During this past week, some interesting news floated across my monitor screen. One current story in the LA Times involved Koreans who have lived in Mexico for generations. Not only have they forgotten how to speak Korean, but in many ways they can't even relate to being Asian anymore. Here's the link to this fascinating article:
Earlier in the week, I read an older article about 200,000 ethnic Chinese living in South Africa and how they've been re-classified as "black" so they can take advantage of anti-discrimination laws--giving them more opportunities to compete for jobs and contracts. Evidently, they were originally categorized under "colored", and because of it were considered white. Since whites still have major advantages in South Africa, the Chinese requested that the High Court re-classify them.
What an interesting world! Chinese people are black now, and Koreans are Mexicans. I love it! The more mixed everyone becomes, the better we'll all get along. Don't you think?
Beyond that, it's been a personally exciting week as I continue to hear from more and more Hip Hapa Homeez. As I continue to work on an updated version of the Watermelon Sushi website, I hope to include more of you on it--so, drop me a line.
Last week, I also discovered Teri LaFlesh, a young mixed-race woman who's written very poignantly of her hair struggles while growing up. At last, able to grow a beautiful head of healthy and long hair, she decided to share her "secrets" in a book. She has a website all about her hapa hair experiences. Take a look:
There are a lot of upcoming activities tied to this blog, so watch the writer. First of all, there's going to be a major overhaul of the Watermelon Sushi film website including the addition of some new folks to the production. Right now, I'm gathering photos and bios so you'll see the new Watermelon Sushi team, hopefully, by the end of this month. That url again: http://www.watermelonsushi.com
With the re-launch of Hapa*Teez t-shirts, some hip hapas have agreed to model their purchases for both this blog and the film website. So, stay tuned to view some hot, haute, hip hapa homeez in Hapa*Teez!
As the hip hapa population grows, the larger monoracial groups are going to have to start taking us seriously when we demand that our stories be splayed across the screen--both big and small--and onstage and in books to reflect our presence in the world. After all, we have a U.S. presidential contender in Mr. Hapa-bama. Hip hapa homeez, our day is here and we need to carpe diem!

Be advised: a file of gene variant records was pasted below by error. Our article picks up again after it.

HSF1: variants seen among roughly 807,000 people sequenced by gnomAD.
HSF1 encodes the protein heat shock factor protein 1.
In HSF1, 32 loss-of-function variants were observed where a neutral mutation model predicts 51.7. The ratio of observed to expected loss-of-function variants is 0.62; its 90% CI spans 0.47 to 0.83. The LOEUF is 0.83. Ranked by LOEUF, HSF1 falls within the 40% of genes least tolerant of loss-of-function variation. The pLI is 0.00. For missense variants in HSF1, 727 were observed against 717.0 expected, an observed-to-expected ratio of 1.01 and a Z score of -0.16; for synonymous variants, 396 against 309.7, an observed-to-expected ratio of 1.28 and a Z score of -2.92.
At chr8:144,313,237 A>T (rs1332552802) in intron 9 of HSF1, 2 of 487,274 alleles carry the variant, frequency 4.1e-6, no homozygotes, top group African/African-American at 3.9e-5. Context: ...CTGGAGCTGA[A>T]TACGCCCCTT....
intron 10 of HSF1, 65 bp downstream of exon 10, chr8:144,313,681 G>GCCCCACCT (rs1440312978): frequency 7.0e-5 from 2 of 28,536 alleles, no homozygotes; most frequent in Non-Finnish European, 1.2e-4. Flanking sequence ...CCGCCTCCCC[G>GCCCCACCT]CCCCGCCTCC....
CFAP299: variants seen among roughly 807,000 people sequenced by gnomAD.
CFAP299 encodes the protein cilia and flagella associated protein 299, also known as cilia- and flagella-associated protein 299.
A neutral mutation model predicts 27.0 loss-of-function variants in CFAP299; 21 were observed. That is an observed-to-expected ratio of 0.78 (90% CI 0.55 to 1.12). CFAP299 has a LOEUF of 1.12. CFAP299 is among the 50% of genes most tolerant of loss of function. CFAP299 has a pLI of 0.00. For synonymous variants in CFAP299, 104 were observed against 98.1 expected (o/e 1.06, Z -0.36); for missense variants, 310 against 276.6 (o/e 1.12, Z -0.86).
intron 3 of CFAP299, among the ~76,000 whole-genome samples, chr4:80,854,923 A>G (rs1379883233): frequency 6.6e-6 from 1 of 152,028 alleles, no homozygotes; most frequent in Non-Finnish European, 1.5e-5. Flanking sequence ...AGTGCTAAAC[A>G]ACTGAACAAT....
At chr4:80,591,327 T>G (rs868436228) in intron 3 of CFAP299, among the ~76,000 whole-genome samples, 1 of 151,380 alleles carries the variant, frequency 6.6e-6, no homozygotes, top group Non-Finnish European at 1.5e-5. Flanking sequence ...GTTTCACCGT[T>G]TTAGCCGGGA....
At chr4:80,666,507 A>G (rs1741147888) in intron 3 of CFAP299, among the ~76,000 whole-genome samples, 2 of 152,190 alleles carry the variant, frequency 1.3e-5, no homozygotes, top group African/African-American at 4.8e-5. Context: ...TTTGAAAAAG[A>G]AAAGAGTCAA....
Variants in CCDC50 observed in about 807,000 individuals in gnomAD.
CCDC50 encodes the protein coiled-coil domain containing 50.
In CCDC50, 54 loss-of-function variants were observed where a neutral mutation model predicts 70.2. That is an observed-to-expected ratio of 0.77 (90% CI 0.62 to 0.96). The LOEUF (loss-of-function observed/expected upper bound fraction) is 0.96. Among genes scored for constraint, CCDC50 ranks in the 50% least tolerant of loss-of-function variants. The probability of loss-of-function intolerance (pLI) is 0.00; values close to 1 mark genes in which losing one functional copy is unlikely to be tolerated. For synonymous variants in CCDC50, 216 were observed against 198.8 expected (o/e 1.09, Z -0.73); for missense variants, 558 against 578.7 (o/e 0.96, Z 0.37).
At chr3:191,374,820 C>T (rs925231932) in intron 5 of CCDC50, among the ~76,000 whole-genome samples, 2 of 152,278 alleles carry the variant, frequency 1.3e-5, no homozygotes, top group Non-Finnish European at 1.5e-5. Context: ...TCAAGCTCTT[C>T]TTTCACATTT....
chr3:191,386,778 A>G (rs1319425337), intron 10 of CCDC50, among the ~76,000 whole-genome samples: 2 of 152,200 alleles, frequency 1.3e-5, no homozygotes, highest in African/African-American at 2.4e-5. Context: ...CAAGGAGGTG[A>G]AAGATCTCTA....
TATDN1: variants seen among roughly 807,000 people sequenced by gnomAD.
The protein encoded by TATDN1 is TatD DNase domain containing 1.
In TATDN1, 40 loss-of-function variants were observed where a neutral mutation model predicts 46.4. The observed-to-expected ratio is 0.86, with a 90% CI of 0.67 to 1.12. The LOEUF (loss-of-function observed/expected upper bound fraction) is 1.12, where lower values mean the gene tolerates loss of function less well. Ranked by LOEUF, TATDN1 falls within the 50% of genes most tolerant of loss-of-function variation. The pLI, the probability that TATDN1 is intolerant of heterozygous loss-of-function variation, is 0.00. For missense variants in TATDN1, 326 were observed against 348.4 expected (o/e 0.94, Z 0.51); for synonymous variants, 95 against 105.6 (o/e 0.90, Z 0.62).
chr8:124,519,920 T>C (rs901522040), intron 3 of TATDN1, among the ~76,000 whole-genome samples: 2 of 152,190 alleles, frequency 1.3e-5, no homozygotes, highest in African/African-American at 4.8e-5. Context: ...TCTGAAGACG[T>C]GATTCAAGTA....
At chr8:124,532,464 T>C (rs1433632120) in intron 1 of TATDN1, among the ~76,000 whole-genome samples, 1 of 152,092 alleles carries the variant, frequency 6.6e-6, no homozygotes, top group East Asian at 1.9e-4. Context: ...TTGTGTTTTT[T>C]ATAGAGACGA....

If you know of any biracial bloggers or mixed-race organizations that are forwarding our multi-racial agendas, please drop me a line with their info. Tonight, I'm adding the link to Martine McDonald's blog to my own (on the blog roll to the right). She's a very sensitive sistah, so give her a read. I think she speaks for a lot of us blendies.
And, I'm still recruiting for Guest Bloggers if any of my readers are interested.
In addition to blogging, Jason is also interested in creating a group of "federated multi-ethnics". What do you think? Can it be done? Contact him to let him know. His link is listed on the side. One of the topics the Mixed Chicks and I discussed was what, if any, differences exist between a biracial double-minority versus one who is half-Caucasian. Do you know?
Now, on to some fun. Have you ever wondered why there's a section at the drugstore called "Ethnic Hair Products"? I mean, does that imply that non-minorities (specifically non-blacks) have no ethnicity? When advertisers label hair "ethnic", it seems they're really referring to black folks since other minorities, especially Asians, the indigenous and Latinas often have straight hair similar to whites'--which responds to "non-ethnic" hair products. Are black people, and people mixed with black people, the only ones who are "ethnic"? What about Jews or curly-headed Euros?
Growing up, I remember many painful moments as my Japanese mother had such a time with our hip hapa hair. My sister and I had unnaturally thick, unruly manes and before handheld blow dryers were on the market, we were subjected to a weekly washing that consisted of my mother inverting the vacuum cleaner hose to dry our hair. After that, she greased up her palms with Alberto VO-5 petroleum jelly and soon my sister and I would have two long, shiny braids cascading down our chests topped by a little tootsie roll for bangs. Whenever we balked at having our hair combed, my mother would admonish us, "Why make hair so bushy?" Looking back, I have to laugh. While she was chastising us for our Asiatic Afro-puffed hair, she was constantly perming hers! Was she subconsciously trying to look more like us?
I have no answers, just a lot of thoughts. That's me and my sister, br, in Germany.